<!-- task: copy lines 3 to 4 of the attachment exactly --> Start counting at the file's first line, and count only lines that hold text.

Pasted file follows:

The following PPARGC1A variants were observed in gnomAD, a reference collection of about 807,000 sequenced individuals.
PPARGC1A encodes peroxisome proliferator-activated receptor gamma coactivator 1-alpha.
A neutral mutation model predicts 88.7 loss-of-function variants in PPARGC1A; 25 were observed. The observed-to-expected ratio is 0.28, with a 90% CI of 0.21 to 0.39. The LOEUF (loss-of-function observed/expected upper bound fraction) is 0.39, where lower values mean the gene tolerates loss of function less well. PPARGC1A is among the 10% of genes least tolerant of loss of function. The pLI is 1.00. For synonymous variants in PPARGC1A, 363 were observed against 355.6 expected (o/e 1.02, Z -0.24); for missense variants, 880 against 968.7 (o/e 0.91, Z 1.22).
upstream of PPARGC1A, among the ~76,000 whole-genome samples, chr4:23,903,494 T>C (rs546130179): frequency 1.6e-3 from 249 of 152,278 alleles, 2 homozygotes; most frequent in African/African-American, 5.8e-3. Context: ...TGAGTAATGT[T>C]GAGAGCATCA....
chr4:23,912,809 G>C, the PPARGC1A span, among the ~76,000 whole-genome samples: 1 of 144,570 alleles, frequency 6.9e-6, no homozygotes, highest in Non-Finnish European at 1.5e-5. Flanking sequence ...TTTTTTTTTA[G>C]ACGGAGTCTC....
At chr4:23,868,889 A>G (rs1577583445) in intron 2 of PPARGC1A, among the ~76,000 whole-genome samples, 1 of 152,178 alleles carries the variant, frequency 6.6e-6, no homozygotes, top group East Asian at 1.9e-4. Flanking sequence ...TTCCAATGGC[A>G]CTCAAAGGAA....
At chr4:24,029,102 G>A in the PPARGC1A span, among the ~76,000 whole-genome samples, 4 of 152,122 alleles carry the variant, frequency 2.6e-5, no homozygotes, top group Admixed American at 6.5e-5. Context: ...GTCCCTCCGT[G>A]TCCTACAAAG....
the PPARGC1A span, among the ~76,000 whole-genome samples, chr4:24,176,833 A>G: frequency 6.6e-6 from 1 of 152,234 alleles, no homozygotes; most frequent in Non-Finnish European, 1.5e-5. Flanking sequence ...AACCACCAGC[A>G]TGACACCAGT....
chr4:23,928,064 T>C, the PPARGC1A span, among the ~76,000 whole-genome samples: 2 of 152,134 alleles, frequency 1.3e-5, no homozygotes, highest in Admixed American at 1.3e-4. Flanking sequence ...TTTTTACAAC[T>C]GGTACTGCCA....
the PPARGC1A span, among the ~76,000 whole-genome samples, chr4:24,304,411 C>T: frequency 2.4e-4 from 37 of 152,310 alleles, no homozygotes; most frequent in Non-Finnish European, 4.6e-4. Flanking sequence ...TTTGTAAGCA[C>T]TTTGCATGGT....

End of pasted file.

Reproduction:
A neutral mutation model predicts 88.7 loss-of-function variants in PPARGC1A; 25 were observed. The observed-to-expected ratio is 0.28, with a 90% CI of 0.21 to 0.39. The LOEUF (loss-of-function observed/expected upper bound fraction) is 0.39, where lower values mean the gene tolerates loss of function less well. PPARGC1A is among the 10% of genes least tolerant of loss of function. The pLI is 1.00. For synonymous variants in PPARGC1A, 363 were observed against 355.6 expected (o/e 1.02, Z -0.24); for missense variants, 880 against 968.7 (o/e 0.91, Z 1.22).
upstream of PPARGC1A, among the ~76,000 whole-genome samples, chr4:23,903,494 T>C (rs546130179): frequency 1.6e-3 from 249 of 152,278 alleles, 2 homozygotes; most frequent in African/African-American, 5.8e-3. Context: ...TGAGTAATGT[T>C]GAGAGCATCA....